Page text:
Magnetic resonance imaging of the heart showed a dilated and diffusely hypokinetic left ventricle with an LVEF of 24% and late gadolinium enhancement in the basal septal midwall, suggesting an underlying dilated, non-ischemic cardiomyopathy.
The patient was administered intravenous diuretics with prompt resolution of symptoms. Concurrently, he was prescribed guideline-directed management and therapy consisting of an angiotensin receptor-neprilysin inhibitor, beta-blocker, ivabradine and an aldosterone antagonist, in addition to a loop diuretic and statin. He was also advised regarding smoking cessation and fluid restriction. A repeat TTE is planned for in the near future to reassess his LVEF.
A 52-year-old Chinese male with a background history of diabetes mellitus, hypertension and dyslipidemia presented with a one week history of abdominal discomfort, bloatedness and constipation. He had a mild cough for three days and developed dyspnea and palpitations on the day of admission. Two years prior to admission, a myocardial perfusion scan performed for exertional dyspnea was negative for ischemia with an LVEF of 55%. He had no family history of cardiac disease and was a chronic smoker. He had previously been using one cartridge every three days in his e-cigarette, but in the preceding three months, he had tripled his e-cigarette usage to one cartridge per day. He also drank four bottles of beer per day for the past thirty years.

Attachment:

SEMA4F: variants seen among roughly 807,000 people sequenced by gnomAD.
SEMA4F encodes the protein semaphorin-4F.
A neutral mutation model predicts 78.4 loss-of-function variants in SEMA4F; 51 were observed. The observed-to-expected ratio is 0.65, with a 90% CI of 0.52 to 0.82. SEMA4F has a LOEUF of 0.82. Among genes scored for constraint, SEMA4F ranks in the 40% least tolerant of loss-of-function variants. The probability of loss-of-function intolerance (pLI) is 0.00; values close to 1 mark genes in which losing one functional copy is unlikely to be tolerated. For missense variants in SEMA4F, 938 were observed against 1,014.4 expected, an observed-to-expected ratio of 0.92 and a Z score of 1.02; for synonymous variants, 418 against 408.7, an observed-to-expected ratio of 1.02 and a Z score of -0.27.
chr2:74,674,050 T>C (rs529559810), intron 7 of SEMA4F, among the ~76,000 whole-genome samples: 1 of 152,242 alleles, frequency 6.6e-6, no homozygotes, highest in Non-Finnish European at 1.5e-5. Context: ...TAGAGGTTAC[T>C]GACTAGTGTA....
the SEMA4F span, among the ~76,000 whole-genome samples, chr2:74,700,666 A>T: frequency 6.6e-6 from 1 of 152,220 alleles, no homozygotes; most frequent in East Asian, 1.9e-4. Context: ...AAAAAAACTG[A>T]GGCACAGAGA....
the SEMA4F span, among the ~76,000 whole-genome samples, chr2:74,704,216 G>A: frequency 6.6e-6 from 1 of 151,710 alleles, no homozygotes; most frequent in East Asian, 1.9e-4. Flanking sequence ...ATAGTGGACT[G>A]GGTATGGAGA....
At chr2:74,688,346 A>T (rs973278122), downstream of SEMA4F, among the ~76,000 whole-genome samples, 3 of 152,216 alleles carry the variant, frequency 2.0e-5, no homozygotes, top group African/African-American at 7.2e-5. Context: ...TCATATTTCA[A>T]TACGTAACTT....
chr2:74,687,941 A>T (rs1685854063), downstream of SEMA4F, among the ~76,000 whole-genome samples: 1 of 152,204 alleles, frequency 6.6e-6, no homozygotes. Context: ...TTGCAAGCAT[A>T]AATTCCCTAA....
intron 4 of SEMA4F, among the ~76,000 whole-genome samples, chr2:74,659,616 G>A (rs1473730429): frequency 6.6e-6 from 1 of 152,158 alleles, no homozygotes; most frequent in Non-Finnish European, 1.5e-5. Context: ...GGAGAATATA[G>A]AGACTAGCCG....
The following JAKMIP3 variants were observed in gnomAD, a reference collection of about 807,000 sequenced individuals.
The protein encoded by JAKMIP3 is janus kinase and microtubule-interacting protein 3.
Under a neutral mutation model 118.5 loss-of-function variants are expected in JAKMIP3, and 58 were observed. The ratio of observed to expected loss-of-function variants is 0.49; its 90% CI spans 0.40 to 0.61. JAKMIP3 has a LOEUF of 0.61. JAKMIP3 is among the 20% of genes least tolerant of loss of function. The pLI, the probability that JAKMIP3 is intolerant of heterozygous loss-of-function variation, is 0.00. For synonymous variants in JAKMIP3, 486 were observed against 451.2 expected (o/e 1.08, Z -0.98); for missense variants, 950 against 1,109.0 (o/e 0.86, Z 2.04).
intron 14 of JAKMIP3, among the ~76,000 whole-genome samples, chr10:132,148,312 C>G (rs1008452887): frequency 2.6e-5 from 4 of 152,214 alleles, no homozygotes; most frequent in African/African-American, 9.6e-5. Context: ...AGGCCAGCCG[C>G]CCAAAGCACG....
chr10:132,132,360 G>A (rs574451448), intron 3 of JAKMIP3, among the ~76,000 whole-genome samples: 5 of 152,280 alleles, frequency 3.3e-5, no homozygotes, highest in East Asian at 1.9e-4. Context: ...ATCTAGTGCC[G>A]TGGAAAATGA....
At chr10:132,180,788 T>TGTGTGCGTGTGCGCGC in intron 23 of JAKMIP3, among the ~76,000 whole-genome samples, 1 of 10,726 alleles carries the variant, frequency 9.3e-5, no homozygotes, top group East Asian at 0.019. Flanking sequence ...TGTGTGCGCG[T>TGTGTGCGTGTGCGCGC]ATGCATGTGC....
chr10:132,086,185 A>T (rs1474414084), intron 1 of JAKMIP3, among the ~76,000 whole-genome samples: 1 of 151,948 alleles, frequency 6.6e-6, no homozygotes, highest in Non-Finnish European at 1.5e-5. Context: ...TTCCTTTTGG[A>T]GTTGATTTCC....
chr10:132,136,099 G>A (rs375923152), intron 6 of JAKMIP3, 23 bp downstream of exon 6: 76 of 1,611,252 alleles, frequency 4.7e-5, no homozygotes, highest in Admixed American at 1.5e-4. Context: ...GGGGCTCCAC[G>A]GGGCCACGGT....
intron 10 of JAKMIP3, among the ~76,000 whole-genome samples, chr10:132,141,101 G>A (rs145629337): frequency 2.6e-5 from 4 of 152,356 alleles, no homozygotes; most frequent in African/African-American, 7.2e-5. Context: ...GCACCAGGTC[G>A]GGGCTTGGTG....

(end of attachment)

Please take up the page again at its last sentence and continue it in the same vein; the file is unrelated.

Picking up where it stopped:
On admission, his blood pressure was 128/93 mmHg, heart rate 214 bpm, temperature 36.7 °C and oxygen saturation 98% on room air. On examination, no murmurs were detected, lungs were clear, abdomen was distended but soft and non-tender with normal bowel sounds and there was no lower limb edema.
Serial Troponin-T (32, 35 and 28 ng/L - normal range < 30 ng/L) and NT-proBNP (2,594 pg/ml) were elevated. Hemoglobin, inflammatory markers, electrolytes, thyroid and liver function tests were normal. White blood cell count was slightly elevated at 12.8 × 103/uL, but C-reactive protein and procalcitonin were normal (3.7 mg/L and 0.22 ug/L respectively). However, serum creatinine was acutely elevated (174 umol/L compared to 109 umol/L just three months prior) and lactate was abnormally high (6.7 mmol/L). An arterial blood gas showed metabolic acidosis with respiratory compensation (pH 7.050, pO2 138 mmHg, pCO2 41 mmHg, bicarbonate 11 mmol/L). A chest radiograph showed cardiomegaly and pulmonary congestion while an ECG showed atrial fibrillation (AF) with a rapid ventricular rate of 218 bpm (Figure 5).
Figure 5: Electrocardiogram showing atrial fibrillation with a ventricular rate of 218 beats per minute. View Figure 5